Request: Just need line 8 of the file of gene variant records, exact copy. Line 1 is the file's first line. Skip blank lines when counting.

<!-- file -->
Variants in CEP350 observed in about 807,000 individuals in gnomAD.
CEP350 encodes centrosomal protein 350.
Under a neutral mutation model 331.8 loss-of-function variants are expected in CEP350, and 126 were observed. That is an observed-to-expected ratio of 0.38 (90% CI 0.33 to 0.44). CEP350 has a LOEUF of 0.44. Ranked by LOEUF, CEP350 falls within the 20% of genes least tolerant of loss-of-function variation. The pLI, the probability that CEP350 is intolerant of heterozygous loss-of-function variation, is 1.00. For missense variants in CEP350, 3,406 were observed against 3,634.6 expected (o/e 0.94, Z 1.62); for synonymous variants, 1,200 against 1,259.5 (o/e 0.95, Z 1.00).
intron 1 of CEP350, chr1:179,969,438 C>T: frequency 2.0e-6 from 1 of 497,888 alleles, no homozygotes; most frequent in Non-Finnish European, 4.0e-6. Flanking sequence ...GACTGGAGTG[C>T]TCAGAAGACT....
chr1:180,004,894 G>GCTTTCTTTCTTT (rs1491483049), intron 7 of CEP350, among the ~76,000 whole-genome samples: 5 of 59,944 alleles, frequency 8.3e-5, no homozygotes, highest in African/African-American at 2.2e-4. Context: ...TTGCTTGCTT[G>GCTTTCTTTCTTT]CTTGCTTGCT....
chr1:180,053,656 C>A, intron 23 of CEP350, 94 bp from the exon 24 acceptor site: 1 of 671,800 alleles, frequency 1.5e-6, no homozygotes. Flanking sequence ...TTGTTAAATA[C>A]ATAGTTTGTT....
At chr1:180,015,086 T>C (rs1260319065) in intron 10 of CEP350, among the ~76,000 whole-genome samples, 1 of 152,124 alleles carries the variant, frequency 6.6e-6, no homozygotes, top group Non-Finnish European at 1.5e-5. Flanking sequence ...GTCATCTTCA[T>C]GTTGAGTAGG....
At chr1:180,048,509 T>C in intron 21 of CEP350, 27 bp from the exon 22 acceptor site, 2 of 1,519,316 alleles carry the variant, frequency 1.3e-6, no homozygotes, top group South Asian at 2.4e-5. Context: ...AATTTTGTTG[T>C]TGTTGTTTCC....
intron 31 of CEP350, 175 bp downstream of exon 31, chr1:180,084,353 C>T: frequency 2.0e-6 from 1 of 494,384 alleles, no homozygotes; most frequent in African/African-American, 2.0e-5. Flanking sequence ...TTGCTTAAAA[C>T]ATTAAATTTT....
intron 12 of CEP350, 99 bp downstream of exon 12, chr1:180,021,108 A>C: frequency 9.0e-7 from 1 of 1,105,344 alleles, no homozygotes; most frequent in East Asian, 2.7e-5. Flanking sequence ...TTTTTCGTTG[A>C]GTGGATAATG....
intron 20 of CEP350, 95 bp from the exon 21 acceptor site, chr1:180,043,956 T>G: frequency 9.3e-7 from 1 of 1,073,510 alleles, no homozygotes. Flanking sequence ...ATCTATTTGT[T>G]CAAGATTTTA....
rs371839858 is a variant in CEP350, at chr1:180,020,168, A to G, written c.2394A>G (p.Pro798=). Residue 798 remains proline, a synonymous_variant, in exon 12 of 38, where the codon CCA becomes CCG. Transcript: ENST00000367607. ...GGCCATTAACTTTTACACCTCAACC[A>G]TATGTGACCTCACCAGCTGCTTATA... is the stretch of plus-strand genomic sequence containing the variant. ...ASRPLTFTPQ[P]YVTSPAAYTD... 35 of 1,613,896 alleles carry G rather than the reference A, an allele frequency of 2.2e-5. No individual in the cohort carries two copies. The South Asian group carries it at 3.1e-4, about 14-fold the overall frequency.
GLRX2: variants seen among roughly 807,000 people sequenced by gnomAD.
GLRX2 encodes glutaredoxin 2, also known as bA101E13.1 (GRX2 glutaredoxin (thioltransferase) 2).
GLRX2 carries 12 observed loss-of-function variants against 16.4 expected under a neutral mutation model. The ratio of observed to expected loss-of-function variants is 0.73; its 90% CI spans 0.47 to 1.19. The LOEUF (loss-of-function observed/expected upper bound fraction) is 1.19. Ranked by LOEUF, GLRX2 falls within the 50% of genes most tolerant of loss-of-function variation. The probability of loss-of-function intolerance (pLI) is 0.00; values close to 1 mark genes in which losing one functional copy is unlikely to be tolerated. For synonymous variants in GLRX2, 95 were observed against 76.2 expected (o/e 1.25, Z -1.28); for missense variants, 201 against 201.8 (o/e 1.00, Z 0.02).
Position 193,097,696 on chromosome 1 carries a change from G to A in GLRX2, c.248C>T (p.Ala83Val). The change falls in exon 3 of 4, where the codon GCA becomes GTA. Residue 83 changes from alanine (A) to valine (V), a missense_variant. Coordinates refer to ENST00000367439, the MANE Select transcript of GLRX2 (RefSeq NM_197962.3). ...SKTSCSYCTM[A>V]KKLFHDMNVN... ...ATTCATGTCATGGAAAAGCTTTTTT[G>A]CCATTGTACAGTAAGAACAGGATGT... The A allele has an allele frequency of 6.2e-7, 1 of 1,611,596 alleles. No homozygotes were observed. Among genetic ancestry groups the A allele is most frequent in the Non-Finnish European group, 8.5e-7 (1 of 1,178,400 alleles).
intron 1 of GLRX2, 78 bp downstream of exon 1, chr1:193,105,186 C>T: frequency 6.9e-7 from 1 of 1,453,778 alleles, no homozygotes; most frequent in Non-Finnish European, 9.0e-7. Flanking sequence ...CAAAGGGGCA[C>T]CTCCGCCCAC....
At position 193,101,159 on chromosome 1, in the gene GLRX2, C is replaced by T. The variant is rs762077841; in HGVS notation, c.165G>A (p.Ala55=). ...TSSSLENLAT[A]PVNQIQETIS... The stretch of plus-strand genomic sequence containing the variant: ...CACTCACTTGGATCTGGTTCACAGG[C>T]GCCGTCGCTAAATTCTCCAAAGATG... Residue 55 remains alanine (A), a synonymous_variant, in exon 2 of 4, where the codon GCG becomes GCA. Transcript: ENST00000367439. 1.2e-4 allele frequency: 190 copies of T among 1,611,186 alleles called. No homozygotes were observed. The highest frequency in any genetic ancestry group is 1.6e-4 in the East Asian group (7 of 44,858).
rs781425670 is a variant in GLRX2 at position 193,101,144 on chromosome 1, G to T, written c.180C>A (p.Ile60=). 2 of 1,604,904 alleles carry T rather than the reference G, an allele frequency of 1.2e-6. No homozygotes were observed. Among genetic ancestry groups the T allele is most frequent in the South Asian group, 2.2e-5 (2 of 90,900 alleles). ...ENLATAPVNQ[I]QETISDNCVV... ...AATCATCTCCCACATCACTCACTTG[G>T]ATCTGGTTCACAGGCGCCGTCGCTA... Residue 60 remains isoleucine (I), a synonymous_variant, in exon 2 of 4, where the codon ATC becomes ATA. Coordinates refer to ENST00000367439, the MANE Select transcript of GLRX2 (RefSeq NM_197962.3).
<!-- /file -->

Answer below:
At chr1:180,048,509 T>C in intron 21 of CEP350, 27 bp from the exon 22 acceptor site, 2 of 1,519,316 alleles carry the variant, frequency 1.3e-6, no homozygotes, top group South Asian at 2.4e-5. Context: ...AATTTTGTTG[T>C]TGTTGTTTCC....